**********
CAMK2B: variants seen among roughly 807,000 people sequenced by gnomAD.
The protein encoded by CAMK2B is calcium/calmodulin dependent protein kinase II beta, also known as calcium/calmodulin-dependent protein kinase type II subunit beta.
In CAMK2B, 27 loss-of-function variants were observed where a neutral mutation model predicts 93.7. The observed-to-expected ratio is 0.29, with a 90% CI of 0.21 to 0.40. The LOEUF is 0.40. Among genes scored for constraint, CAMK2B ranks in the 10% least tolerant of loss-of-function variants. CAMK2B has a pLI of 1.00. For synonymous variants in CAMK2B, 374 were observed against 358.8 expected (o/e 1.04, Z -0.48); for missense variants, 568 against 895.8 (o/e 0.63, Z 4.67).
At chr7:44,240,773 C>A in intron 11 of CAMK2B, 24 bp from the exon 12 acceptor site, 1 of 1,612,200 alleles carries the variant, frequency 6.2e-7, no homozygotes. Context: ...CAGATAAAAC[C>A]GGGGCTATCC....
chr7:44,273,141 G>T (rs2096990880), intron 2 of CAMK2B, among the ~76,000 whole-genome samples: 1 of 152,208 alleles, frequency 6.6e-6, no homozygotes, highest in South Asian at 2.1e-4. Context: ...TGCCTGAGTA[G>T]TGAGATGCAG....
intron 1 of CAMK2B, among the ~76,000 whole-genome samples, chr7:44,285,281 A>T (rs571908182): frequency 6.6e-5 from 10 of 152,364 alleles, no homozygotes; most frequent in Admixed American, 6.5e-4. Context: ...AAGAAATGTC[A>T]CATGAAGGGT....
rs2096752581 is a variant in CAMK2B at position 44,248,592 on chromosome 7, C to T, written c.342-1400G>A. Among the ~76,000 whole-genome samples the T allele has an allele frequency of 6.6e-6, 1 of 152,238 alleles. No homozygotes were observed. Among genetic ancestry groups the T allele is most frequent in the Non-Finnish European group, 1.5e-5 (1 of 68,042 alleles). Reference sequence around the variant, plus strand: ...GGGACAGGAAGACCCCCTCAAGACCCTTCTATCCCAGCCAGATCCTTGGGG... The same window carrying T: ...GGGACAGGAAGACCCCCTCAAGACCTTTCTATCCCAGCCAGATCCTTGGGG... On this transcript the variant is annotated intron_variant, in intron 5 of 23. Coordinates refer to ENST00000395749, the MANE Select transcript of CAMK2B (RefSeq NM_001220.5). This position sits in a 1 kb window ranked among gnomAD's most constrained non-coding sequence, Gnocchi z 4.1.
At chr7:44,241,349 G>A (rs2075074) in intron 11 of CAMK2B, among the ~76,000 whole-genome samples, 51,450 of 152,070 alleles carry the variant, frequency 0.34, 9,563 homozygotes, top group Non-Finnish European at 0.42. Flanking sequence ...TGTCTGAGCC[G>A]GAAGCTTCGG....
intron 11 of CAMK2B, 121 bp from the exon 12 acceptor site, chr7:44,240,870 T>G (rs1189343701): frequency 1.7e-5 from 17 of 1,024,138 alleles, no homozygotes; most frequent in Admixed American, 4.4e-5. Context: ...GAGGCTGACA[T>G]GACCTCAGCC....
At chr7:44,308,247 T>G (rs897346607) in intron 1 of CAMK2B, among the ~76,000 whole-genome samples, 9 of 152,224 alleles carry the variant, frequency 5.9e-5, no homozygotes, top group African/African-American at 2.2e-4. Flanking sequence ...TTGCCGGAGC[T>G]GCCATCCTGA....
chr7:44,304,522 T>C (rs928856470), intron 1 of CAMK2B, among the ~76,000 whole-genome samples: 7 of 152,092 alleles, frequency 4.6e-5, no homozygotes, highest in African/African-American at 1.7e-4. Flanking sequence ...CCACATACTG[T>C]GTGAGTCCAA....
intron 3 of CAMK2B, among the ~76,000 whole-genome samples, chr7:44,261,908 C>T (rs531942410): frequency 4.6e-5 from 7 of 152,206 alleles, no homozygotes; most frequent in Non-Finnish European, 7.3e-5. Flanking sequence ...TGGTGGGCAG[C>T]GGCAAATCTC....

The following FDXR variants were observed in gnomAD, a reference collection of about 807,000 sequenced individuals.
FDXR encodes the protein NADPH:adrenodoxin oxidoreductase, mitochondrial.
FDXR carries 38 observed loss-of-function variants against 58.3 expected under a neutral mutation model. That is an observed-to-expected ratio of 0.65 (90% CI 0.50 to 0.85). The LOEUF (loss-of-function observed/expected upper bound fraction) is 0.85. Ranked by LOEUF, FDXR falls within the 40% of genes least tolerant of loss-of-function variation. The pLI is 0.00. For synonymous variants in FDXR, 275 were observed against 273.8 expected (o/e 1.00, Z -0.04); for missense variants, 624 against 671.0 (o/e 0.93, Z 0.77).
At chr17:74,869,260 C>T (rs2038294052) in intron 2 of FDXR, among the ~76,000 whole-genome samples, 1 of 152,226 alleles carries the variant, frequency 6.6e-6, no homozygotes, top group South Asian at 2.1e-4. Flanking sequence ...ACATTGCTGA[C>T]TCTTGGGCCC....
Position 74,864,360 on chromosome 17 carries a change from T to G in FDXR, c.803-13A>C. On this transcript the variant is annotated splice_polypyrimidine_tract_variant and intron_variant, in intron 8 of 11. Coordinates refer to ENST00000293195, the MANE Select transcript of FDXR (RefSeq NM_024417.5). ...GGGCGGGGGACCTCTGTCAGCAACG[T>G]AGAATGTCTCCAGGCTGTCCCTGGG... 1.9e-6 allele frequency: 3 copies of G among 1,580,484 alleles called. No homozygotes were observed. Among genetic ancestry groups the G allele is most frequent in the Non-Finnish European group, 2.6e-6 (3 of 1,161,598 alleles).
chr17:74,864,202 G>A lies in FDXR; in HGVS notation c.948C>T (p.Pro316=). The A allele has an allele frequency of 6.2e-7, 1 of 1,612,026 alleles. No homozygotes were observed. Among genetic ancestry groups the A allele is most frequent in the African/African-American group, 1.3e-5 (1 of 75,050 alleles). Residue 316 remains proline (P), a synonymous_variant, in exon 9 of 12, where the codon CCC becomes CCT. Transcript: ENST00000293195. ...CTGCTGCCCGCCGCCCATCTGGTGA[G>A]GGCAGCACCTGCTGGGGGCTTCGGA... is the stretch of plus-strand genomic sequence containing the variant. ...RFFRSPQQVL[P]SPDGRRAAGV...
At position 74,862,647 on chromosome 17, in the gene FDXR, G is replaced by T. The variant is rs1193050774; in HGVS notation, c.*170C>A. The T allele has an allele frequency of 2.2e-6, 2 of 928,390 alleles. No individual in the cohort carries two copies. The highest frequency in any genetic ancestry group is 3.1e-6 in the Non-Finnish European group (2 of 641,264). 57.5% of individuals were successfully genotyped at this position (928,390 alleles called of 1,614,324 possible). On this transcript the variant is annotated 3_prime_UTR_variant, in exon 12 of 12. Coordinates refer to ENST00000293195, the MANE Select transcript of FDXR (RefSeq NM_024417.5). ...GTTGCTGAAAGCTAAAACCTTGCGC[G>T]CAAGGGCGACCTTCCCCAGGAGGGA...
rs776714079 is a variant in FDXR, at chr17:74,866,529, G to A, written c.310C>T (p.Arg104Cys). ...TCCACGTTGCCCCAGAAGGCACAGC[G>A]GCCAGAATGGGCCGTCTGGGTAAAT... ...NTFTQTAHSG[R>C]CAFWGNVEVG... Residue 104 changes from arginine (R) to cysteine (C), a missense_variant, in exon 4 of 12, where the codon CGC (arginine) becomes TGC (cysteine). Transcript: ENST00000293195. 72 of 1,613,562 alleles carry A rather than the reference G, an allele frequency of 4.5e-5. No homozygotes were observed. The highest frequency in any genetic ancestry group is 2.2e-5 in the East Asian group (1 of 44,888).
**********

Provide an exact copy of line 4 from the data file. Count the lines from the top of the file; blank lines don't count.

At chr7:44,240,773 C>A in intron 11 of CAMK2B, 24 bp from the exon 12 acceptor site, 1 of 1,612,200 alleles carries the variant, frequency 6.2e-7, no homozygotes. Context: ...CAGATAAAAC[C>A]GGGGCTATCC....